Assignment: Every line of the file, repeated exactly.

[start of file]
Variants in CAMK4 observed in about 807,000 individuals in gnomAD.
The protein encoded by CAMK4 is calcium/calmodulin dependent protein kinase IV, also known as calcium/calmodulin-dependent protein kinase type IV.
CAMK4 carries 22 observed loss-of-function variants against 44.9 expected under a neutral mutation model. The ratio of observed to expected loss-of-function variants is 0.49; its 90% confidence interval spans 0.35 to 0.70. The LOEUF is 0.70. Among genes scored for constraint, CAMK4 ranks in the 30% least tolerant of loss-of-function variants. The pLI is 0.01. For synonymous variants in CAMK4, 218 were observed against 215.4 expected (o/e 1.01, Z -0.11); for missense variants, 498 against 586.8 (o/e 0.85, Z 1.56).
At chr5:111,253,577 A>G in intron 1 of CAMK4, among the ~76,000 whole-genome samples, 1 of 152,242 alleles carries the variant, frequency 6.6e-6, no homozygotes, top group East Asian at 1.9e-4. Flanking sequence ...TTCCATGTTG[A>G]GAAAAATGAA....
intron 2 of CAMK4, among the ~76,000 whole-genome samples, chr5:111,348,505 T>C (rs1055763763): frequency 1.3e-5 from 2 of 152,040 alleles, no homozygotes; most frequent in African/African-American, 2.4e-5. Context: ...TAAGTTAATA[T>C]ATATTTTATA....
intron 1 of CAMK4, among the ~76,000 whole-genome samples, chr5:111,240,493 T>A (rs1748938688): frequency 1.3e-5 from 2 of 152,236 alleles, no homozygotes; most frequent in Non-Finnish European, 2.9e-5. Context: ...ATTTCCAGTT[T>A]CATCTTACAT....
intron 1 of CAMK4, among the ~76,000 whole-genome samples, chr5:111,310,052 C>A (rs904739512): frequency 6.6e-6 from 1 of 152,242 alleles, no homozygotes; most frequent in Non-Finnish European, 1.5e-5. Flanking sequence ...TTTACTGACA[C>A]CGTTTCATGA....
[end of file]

Variants in CAMK4 observed in about 807,000 individuals in gnomAD.
The protein encoded by CAMK4 is calcium/calmodulin dependent protein kinase IV, also known as calcium/calmodulin-dependent protein kinase type IV.
CAMK4 carries 22 observed loss-of-function variants against 44.9 expected under a neutral mutation model. The ratio of observed to expected loss-of-function variants is 0.49; its 90% confidence interval spans 0.35 to 0.70. The LOEUF is 0.70. Among genes scored for constraint, CAMK4 ranks in the 30% least tolerant of loss-of-function variants. The pLI is 0.01. For synonymous variants in CAMK4, 218 were observed against 215.4 expected (o/e 1.01, Z -0.11); for missense variants, 498 against 586.8 (o/e 0.85, Z 1.56).
At chr5:111,253,577 A>G in intron 1 of CAMK4, among the ~76,000 whole-genome samples, 1 of 152,242 alleles carries the variant, frequency 6.6e-6, no homozygotes, top group East Asian at 1.9e-4. Flanking sequence ...TTCCATGTTG[A>G]GAAAAATGAA....
intron 2 of CAMK4, among the ~76,000 whole-genome samples, chr5:111,348,505 T>C (rs1055763763): frequency 1.3e-5 from 2 of 152,040 alleles, no homozygotes; most frequent in African/African-American, 2.4e-5. Context: ...TAAGTTAATA[T>C]ATATTTTATA....
intron 1 of CAMK4, among the ~76,000 whole-genome samples, chr5:111,240,493 T>A (rs1748938688): frequency 1.3e-5 from 2 of 152,236 alleles, no homozygotes; most frequent in Non-Finnish European, 2.9e-5. Context: ...ATTTCCAGTT[T>A]CATCTTACAT....
intron 1 of CAMK4, among the ~76,000 whole-genome samples, chr5:111,310,052 C>A (rs904739512): frequency 6.6e-6 from 1 of 152,242 alleles, no homozygotes; most frequent in Non-Finnish European, 1.5e-5. Flanking sequence ...TTTACTGACA[C>A]CGTTTCATGA....